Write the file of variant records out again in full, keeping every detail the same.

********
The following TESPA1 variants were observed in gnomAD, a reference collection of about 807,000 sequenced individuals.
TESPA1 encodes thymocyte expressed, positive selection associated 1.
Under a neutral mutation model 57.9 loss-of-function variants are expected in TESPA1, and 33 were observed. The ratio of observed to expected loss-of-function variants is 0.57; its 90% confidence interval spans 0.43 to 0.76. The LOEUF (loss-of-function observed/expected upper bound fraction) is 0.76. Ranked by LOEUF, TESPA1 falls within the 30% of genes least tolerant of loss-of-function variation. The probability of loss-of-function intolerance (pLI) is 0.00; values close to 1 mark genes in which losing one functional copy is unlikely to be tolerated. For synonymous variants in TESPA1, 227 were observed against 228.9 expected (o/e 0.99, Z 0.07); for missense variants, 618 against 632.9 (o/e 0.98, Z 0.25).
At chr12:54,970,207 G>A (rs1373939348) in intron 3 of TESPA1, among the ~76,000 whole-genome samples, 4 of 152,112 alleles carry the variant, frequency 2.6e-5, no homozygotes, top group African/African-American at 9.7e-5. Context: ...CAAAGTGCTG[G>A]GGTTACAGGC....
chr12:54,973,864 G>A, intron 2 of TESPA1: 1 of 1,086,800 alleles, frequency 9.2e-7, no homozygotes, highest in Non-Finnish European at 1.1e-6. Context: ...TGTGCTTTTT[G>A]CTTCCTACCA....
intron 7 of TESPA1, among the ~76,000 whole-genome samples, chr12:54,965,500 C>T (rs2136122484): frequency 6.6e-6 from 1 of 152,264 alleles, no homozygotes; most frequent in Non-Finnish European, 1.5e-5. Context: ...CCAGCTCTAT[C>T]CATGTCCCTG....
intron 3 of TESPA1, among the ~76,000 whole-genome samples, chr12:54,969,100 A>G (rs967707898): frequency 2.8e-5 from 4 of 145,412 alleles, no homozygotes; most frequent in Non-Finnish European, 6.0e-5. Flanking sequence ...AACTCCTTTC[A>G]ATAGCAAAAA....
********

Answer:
The following TESPA1 variants were observed in gnomAD, a reference collection of about 807,000 sequenced individuals.
TESPA1 encodes thymocyte expressed, positive selection associated 1.
Under a neutral mutation model 57.9 loss-of-function variants are expected in TESPA1, and 33 were observed. The ratio of observed to expected loss-of-function variants is 0.57; its 90% confidence interval spans 0.43 to 0.76. The LOEUF (loss-of-function observed/expected upper bound fraction) is 0.76. Ranked by LOEUF, TESPA1 falls within the 30% of genes least tolerant of loss-of-function variation. The probability of loss-of-function intolerance (pLI) is 0.00; values close to 1 mark genes in which losing one functional copy is unlikely to be tolerated. For synonymous variants in TESPA1, 227 were observed against 228.9 expected (o/e 0.99, Z 0.07); for missense variants, 618 against 632.9 (o/e 0.98, Z 0.25).
At chr12:54,970,207 G>A (rs1373939348) in intron 3 of TESPA1, among the ~76,000 whole-genome samples, 4 of 152,112 alleles carry the variant, frequency 2.6e-5, no homozygotes, top group African/African-American at 9.7e-5. Context: ...CAAAGTGCTG[G>A]GGTTACAGGC....
chr12:54,973,864 G>A, intron 2 of TESPA1: 1 of 1,086,800 alleles, frequency 9.2e-7, no homozygotes, highest in Non-Finnish European at 1.1e-6. Context: ...TGTGCTTTTT[G>A]CTTCCTACCA....
intron 7 of TESPA1, among the ~76,000 whole-genome samples, chr12:54,965,500 C>T (rs2136122484): frequency 6.6e-6 from 1 of 152,264 alleles, no homozygotes; most frequent in Non-Finnish European, 1.5e-5. Context: ...CCAGCTCTAT[C>T]CATGTCCCTG....
intron 3 of TESPA1, among the ~76,000 whole-genome samples, chr12:54,969,100 A>G (rs967707898): frequency 2.8e-5 from 4 of 145,412 alleles, no homozygotes; most frequent in Non-Finnish European, 6.0e-5. Flanking sequence ...AACTCCTTTC[A>G]ATAGCAAAAA....